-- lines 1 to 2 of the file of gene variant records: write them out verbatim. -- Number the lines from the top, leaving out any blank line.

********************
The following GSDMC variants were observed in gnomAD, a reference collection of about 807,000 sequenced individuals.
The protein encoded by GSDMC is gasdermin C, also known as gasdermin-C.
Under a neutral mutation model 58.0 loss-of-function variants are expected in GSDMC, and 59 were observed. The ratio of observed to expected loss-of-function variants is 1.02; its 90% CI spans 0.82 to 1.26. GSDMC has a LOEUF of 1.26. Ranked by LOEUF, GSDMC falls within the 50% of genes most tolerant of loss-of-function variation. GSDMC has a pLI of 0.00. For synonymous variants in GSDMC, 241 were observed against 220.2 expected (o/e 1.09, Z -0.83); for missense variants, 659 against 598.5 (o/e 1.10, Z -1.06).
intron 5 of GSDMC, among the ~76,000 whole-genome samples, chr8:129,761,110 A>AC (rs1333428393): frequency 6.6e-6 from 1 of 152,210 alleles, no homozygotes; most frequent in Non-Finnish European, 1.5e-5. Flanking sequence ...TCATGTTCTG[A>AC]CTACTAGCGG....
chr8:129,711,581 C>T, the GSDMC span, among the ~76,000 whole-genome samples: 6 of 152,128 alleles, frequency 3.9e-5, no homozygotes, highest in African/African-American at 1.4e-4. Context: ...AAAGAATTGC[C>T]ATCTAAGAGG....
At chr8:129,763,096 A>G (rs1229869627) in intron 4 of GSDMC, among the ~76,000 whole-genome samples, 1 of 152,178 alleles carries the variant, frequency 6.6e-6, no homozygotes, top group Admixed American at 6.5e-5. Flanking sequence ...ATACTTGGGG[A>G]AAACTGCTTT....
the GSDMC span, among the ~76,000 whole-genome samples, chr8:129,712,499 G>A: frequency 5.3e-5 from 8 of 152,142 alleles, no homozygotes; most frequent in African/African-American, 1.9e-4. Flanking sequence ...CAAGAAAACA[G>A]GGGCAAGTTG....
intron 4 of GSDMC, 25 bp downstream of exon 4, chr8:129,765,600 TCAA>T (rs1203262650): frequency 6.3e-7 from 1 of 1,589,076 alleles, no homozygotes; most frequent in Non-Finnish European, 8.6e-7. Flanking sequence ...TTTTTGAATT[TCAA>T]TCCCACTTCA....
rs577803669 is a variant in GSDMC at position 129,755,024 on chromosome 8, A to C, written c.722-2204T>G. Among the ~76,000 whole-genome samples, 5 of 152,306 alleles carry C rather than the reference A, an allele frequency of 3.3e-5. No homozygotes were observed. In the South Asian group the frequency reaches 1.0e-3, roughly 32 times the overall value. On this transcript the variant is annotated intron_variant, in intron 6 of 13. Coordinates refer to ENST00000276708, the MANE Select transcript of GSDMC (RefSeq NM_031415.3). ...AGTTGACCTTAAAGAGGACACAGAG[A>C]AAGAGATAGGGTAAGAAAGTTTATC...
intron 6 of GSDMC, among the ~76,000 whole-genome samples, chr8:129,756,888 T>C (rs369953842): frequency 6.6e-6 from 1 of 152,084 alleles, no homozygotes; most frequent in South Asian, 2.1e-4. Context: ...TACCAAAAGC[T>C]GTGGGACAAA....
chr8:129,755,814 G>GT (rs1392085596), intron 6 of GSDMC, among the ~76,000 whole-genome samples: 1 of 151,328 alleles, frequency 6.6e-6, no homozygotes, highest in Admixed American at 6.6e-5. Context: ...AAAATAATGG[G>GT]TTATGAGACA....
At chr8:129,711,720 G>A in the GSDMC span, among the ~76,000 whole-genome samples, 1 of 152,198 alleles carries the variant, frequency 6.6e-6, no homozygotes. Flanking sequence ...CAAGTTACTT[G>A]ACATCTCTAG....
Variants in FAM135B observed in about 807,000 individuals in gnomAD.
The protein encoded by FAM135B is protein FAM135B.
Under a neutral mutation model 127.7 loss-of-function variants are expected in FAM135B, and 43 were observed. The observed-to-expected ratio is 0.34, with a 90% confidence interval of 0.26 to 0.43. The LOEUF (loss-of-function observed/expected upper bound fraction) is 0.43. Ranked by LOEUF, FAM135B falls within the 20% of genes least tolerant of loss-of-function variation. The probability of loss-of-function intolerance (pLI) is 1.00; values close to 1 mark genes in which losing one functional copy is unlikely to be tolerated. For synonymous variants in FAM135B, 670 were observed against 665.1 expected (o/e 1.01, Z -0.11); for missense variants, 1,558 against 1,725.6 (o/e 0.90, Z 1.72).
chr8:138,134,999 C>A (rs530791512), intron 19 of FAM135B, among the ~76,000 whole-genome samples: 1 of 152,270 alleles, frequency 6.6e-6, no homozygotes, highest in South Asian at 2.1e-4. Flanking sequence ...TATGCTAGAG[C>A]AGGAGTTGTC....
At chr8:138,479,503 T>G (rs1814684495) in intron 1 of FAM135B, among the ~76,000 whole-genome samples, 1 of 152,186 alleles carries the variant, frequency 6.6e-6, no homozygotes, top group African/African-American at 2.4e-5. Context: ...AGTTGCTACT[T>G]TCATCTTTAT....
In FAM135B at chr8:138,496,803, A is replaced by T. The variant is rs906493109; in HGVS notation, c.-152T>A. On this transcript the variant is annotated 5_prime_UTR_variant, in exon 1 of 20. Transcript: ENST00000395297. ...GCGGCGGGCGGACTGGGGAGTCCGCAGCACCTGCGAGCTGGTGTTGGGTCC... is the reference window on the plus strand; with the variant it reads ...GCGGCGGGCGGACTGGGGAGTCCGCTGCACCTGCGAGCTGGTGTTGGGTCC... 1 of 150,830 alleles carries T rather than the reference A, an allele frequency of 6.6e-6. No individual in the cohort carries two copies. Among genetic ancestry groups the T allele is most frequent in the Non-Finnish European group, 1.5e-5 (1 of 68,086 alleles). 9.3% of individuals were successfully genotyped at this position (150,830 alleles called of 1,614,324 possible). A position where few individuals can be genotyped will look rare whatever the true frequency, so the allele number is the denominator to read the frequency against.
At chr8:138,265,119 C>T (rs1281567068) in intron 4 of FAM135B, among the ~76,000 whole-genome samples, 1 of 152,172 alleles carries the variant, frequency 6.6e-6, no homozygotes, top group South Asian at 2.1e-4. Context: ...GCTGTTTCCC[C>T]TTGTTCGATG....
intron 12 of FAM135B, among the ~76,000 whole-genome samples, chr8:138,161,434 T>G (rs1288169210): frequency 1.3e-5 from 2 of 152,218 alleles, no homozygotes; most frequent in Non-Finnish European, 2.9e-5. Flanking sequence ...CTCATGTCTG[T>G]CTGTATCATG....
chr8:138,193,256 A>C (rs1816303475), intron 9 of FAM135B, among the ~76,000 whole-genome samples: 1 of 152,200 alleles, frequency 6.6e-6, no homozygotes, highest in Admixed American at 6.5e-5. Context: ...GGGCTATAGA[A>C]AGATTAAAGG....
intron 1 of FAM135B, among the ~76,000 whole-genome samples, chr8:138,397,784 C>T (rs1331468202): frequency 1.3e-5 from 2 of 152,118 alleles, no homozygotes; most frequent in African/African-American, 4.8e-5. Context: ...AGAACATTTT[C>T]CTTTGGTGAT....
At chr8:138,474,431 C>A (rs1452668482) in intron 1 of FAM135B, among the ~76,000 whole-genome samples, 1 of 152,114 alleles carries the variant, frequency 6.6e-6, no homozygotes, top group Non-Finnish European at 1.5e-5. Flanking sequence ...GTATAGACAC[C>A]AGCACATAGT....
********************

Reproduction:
The following GSDMC variants were observed in gnomAD, a reference collection of about 807,000 sequenced individuals.
The protein encoded by GSDMC is gasdermin C, also known as gasdermin-C.